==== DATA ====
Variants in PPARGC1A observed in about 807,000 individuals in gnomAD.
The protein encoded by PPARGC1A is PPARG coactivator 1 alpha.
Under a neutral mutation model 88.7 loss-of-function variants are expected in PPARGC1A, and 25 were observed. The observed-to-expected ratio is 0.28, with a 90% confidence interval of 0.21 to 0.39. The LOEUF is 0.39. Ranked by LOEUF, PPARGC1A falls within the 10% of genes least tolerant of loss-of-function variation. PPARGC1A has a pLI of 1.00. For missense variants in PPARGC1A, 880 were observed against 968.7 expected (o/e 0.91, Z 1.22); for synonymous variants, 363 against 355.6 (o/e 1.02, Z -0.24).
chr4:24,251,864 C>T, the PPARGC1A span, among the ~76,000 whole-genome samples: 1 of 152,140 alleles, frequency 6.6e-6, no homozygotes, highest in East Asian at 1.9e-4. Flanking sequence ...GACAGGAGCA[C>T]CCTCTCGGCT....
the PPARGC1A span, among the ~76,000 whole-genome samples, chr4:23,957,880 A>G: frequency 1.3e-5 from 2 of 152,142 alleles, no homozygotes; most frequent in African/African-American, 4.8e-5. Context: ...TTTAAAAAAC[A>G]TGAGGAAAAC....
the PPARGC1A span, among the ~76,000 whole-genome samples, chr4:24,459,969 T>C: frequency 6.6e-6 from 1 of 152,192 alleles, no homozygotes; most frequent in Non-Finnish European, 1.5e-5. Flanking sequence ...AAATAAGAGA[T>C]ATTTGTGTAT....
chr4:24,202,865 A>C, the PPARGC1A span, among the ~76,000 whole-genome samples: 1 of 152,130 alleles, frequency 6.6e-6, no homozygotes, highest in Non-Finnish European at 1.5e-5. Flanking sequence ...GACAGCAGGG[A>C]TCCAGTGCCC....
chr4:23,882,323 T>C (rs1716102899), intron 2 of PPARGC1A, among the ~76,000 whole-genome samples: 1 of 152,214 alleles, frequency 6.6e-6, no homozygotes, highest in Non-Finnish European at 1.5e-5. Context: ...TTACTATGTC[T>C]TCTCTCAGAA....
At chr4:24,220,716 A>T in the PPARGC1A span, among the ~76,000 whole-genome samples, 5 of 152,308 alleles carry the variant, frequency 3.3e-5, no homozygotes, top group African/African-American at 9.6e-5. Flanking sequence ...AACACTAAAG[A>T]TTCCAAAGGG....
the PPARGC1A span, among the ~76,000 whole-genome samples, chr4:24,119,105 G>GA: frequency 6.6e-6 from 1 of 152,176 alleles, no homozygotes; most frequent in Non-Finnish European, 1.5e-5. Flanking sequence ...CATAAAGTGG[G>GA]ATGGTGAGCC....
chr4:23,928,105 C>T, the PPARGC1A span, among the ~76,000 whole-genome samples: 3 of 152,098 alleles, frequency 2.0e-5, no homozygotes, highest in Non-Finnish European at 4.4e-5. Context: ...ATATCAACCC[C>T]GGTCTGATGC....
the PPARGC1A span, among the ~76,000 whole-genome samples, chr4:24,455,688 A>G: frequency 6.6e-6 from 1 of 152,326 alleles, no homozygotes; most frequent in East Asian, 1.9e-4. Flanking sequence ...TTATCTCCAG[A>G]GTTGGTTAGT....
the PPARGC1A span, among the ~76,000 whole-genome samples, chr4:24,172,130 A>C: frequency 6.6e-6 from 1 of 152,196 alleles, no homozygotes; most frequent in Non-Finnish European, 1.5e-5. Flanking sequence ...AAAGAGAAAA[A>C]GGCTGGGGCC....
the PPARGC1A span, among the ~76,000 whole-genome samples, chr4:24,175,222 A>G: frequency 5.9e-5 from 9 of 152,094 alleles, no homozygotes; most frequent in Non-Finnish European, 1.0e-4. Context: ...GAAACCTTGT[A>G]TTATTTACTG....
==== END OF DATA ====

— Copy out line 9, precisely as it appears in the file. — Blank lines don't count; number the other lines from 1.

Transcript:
At chr4:24,220,716 A>T in the PPARGC1A span, among the ~76,000 whole-genome samples, 5 of 152,308 alleles carry the variant, frequency 3.3e-5, no homozygotes, top group African/African-American at 9.6e-5. Flanking sequence ...AACACTAAAG[A>T]TTCCAAAGGG....